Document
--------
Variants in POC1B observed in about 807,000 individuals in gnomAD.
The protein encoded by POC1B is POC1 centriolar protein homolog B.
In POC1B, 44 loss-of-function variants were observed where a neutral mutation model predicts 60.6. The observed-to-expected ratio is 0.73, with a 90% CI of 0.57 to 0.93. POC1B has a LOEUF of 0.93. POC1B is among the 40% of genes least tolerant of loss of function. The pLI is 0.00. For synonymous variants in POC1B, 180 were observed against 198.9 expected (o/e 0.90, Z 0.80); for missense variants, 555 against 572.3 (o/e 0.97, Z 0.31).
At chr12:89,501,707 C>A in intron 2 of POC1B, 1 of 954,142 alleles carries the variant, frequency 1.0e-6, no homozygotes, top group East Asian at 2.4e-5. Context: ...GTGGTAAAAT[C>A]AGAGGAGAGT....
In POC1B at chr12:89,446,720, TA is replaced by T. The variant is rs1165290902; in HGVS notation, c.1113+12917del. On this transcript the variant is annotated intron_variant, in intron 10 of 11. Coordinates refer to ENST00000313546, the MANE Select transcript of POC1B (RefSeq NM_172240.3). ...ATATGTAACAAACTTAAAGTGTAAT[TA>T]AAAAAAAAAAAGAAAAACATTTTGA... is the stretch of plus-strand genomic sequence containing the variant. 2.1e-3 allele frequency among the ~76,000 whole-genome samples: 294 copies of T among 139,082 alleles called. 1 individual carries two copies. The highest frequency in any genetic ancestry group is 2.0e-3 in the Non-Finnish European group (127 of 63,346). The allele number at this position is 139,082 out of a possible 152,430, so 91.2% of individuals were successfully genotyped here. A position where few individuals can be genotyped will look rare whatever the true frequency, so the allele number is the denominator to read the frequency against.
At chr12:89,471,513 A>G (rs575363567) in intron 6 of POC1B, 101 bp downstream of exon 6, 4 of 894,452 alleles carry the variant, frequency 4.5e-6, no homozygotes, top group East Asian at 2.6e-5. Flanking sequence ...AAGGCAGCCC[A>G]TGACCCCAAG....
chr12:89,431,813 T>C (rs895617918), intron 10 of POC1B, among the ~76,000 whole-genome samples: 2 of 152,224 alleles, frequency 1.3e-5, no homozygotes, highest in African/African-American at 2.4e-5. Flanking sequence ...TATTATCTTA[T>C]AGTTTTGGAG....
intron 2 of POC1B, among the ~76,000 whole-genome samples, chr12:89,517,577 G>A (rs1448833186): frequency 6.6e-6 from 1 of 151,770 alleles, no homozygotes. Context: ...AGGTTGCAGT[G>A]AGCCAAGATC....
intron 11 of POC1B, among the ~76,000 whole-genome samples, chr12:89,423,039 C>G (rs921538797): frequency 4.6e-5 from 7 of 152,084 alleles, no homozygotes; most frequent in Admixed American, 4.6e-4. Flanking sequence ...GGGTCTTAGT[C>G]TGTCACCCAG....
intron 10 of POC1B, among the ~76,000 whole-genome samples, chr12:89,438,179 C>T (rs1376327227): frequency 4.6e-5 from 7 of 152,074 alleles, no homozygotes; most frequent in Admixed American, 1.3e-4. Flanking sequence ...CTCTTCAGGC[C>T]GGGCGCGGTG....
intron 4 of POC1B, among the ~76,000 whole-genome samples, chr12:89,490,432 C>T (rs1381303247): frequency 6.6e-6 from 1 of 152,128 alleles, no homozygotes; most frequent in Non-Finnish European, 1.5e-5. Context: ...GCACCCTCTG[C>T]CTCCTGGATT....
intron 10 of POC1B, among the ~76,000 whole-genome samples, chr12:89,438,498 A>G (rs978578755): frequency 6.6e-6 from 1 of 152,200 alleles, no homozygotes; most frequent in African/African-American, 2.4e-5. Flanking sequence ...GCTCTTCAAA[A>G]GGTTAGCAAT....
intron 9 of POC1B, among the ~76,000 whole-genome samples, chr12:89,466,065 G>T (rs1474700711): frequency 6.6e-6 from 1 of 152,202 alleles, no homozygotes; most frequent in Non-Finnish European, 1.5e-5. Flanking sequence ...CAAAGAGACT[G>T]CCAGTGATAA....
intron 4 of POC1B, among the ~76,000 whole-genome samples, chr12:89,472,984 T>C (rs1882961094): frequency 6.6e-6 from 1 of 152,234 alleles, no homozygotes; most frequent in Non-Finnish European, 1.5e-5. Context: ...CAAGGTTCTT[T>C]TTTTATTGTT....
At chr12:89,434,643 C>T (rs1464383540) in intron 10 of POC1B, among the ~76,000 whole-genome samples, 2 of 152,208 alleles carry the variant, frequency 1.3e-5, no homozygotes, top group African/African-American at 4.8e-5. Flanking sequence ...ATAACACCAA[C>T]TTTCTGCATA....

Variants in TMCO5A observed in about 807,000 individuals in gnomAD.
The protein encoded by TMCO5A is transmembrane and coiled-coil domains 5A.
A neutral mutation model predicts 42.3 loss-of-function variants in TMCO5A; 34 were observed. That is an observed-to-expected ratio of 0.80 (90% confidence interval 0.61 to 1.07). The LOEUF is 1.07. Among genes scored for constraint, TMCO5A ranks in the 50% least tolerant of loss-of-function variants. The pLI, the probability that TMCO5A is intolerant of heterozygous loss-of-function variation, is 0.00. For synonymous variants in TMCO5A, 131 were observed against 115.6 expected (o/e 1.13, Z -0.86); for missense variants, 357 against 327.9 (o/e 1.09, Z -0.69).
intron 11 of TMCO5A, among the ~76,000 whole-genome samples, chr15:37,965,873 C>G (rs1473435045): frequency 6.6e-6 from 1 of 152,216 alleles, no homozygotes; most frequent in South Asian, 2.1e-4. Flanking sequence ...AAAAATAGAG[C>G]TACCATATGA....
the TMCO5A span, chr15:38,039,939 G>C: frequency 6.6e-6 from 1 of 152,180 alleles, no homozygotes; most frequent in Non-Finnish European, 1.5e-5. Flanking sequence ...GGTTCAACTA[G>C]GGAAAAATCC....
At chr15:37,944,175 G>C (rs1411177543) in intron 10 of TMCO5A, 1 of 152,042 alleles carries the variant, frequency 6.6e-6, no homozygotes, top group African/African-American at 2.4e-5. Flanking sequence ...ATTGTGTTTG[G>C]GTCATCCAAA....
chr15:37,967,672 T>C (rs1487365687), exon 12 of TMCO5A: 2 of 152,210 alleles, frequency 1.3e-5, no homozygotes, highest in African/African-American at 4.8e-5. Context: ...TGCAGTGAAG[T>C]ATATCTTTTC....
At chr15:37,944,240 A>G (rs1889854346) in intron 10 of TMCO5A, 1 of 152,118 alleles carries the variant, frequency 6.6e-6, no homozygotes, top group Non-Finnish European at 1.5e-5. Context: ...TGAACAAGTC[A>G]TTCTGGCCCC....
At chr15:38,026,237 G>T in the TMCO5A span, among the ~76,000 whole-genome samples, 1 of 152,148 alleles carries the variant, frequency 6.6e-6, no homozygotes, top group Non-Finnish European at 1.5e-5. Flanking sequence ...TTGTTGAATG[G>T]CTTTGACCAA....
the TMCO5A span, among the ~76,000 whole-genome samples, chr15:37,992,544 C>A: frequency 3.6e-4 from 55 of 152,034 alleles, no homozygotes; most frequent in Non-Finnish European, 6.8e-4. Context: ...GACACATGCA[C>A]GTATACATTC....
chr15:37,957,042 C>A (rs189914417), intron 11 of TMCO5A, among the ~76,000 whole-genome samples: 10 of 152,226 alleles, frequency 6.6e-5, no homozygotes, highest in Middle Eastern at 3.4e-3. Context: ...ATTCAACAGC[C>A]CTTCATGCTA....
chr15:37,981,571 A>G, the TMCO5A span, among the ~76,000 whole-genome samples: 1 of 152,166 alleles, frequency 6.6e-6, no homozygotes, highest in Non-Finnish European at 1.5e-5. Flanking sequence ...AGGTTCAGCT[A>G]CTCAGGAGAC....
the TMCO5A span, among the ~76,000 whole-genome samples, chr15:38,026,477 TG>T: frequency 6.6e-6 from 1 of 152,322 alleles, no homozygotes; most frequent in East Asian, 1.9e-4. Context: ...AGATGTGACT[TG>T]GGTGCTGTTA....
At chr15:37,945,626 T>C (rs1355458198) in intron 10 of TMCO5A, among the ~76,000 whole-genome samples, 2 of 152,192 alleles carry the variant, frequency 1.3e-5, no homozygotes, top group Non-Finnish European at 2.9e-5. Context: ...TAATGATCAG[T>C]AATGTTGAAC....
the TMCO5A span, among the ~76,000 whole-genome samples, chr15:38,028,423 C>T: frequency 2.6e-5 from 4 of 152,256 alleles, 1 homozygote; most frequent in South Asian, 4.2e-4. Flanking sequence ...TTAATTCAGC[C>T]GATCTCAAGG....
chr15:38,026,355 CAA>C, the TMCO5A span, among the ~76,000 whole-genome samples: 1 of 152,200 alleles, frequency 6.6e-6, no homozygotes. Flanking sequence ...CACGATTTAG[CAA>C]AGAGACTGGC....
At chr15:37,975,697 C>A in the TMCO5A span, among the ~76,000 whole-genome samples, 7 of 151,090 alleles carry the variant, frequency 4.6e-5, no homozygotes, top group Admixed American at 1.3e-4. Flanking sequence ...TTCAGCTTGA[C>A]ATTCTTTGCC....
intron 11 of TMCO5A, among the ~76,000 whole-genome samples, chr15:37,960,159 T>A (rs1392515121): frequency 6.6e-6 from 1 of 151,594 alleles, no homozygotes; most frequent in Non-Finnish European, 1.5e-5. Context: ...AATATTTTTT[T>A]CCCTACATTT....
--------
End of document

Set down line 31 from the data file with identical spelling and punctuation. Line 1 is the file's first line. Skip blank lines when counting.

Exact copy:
chr15:38,026,355 CAA>C, the TMCO5A span, among the ~76,000 whole-genome samples: 1 of 152,200 alleles, frequency 6.6e-6, no homozygotes. Flanking sequence ...CACGATTTAG[CAA>C]AGAGACTGGC....